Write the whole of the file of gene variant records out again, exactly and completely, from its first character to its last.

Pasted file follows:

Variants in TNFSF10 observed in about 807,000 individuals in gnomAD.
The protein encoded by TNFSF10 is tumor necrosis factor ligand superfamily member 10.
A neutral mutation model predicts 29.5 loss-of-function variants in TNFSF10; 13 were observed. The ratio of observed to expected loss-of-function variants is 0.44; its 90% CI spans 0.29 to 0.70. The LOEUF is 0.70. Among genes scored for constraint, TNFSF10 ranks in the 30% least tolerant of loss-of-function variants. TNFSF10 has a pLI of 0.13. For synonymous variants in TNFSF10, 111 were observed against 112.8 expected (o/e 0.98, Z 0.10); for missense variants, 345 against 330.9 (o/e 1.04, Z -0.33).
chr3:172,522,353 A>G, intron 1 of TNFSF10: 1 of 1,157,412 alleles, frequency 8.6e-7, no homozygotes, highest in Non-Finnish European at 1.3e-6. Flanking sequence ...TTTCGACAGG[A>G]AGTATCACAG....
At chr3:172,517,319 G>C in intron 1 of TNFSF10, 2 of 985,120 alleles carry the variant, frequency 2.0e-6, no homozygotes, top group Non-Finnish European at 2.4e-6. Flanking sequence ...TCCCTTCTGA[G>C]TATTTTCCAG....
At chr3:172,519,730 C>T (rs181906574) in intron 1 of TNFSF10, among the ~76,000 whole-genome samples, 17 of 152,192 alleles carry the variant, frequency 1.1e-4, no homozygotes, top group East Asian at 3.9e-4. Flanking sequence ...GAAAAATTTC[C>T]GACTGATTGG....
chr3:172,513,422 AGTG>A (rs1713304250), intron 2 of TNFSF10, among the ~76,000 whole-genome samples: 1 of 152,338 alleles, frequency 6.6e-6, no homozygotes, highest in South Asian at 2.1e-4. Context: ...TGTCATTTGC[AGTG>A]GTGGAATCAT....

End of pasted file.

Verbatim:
Variants in TNFSF10 observed in about 807,000 individuals in gnomAD.
The protein encoded by TNFSF10 is tumor necrosis factor ligand superfamily member 10.
A neutral mutation model predicts 29.5 loss-of-function variants in TNFSF10; 13 were observed. The ratio of observed to expected loss-of-function variants is 0.44; its 90% CI spans 0.29 to 0.70. The LOEUF is 0.70. Among genes scored for constraint, TNFSF10 ranks in the 30% least tolerant of loss-of-function variants. TNFSF10 has a pLI of 0.13. For synonymous variants in TNFSF10, 111 were observed against 112.8 expected (o/e 0.98, Z 0.10); for missense variants, 345 against 330.9 (o/e 1.04, Z -0.33).
chr3:172,522,353 A>G, intron 1 of TNFSF10: 1 of 1,157,412 alleles, frequency 8.6e-7, no homozygotes, highest in Non-Finnish European at 1.3e-6. Flanking sequence ...TTTCGACAGG[A>G]AGTATCACAG....
At chr3:172,517,319 G>C in intron 1 of TNFSF10, 2 of 985,120 alleles carry the variant, frequency 2.0e-6, no homozygotes, top group Non-Finnish European at 2.4e-6. Flanking sequence ...TCCCTTCTGA[G>C]TATTTTCCAG....
At chr3:172,519,730 C>T (rs181906574) in intron 1 of TNFSF10, among the ~76,000 whole-genome samples, 17 of 152,192 alleles carry the variant, frequency 1.1e-4, no homozygotes, top group East Asian at 3.9e-4. Flanking sequence ...GAAAAATTTC[C>T]GACTGATTGG....
chr3:172,513,422 AGTG>A (rs1713304250), intron 2 of TNFSF10, among the ~76,000 whole-genome samples: 1 of 152,338 alleles, frequency 6.6e-6, no homozygotes, highest in South Asian at 2.1e-4. Context: ...TGTCATTTGC[AGTG>A]GTGGAATCAT....